Aviation and Missile Command's Commander Maj. Gen. Doug Gabram reminded Army aviators to think about the Army's purpose when he spoke at the 2018 Army Aviation Mission Solutions Summit in Nashville.

Gabram addressed more than 500 Army aviators and guests about sustaining the fleet during the professional sessions April 27. The event was hosted by the Army Aviation Association of America.

The Army's objective is to win the nation's wars. In order to win the war, the Army's number one priority is readiness.

Essentially the challenge for the Army's aviation leadership is to balance the current fight with how to modernize the aviation fleet and prepare for the next generation of Army aviators coming up the ranks, Gabram explained. He reminded the aviators that operations tempo will not slow down even when the battlefield changes. Even so, Army aviation must be ready.

In that regard, one challenge Army aviation must work through is how to support large-scale combat operations on potentially multiple fronts with the right parts at the right time for our aviation systems and Soldiers. According to Gabram, in an effort to be more efficient and avoid excess equipment challenges, the Army has been operating in a "just-in-time" mentality toward both supply and maintenance for the last 10 to 15 years. That mindset must change so that the Army is "ready to fight tonight."

The Army has been in a constant state of engagement in a counter-insurgency operation for 17 years, Gabram explained.

"We had to make significant changes to support Soldiers being sent into battle in a terrain and combat style that is vastly different from previous combat operations," he said.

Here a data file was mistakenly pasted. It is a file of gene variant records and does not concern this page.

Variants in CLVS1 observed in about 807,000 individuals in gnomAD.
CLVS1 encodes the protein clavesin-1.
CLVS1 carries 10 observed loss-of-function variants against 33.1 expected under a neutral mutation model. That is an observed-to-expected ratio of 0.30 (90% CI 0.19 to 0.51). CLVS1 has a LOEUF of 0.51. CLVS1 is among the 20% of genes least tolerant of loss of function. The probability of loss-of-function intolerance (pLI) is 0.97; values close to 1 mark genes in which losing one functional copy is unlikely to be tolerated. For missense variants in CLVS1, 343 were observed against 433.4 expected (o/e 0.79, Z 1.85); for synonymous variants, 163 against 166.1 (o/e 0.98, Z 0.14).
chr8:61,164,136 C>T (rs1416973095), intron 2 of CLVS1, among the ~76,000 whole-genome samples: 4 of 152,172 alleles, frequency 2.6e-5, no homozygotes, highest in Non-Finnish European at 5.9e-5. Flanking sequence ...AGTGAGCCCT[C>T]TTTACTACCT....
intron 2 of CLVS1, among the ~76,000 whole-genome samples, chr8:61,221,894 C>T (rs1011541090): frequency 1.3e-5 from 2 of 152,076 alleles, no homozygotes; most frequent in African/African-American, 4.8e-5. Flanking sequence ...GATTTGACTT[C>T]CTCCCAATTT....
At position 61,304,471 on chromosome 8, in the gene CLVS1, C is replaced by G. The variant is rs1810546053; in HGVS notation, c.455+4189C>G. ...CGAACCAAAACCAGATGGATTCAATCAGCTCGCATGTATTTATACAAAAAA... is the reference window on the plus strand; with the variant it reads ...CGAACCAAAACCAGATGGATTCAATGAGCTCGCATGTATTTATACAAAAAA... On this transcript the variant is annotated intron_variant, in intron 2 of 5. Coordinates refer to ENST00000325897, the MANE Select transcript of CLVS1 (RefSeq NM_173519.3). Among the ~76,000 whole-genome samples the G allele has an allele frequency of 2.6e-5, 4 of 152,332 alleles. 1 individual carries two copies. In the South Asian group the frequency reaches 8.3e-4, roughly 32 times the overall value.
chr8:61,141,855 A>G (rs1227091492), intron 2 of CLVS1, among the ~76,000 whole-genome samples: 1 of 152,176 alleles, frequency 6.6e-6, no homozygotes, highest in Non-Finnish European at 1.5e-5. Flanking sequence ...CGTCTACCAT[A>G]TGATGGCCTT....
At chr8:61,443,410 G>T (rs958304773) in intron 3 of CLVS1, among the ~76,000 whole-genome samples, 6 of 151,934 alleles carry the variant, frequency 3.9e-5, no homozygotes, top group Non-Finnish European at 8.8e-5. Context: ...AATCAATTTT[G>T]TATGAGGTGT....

Now, the Army is looking at a potential threat for which they will have to adjust again to support effectively.

As the AMCOM commander, Gabram is responsible for ensuring Army aviation is a readiness factor in facing that potential threat. To do so, Army aviation must have a supply chain that supports sustainment and provides parts when and where they are needed, even in contested environments.

"Supply chain depth is a concern," Gabram said. "What are our top 10 readiness drivers? I would argue that we need more engines, blades, transmissions and main rotor heads just for a start.

"Our goal right now is to figure out how to provide depth in those key components. We will not lose a war because we do not have enough engines on the shelf. We have to look at the entire holistic supply chain, but I believe that supply chain depth in some of our key items is where we need to improve first."

AMCOM is striving to achieve 100 percent supply availability, which directly correlates to achieving fully mission capable units, Gabram explained.

The Army aviation enterprise must stay closely tied with their industry partners. AMCOM's leaders meet monthly with industry to ensure the Army and vendors are working toward a common goal.

"We need to continue working to get the right parts and intellectual property to help us best support our systems into the future," Gabram said.

Gabram also discussed AMCOM's imperative to achieve speed, accuracy and quality in responding to the Army's aviation needs. AMCOM and its partners are focused in all three areas but acknowledge that there's always room for improvement.

Gabram, a seasoned Army aviator who has had multiple combat deployments, closed his remarks by reminding the aviators of their responsibility to other Soldiers.

"We are responsible for taking care of the current fight, meeting our objective to win the war, and maintaining eternal trust with the ground forces. We are going to be there for our ground Soldiers when it's dark and scary. And we are going to take care of the next generation just as well," he said.

Gabram, along with other Army aviation senior leaders, participated in several events during the three-day symposium, including speaking to members of the media and speaking at a breakout session with National Guard aviators.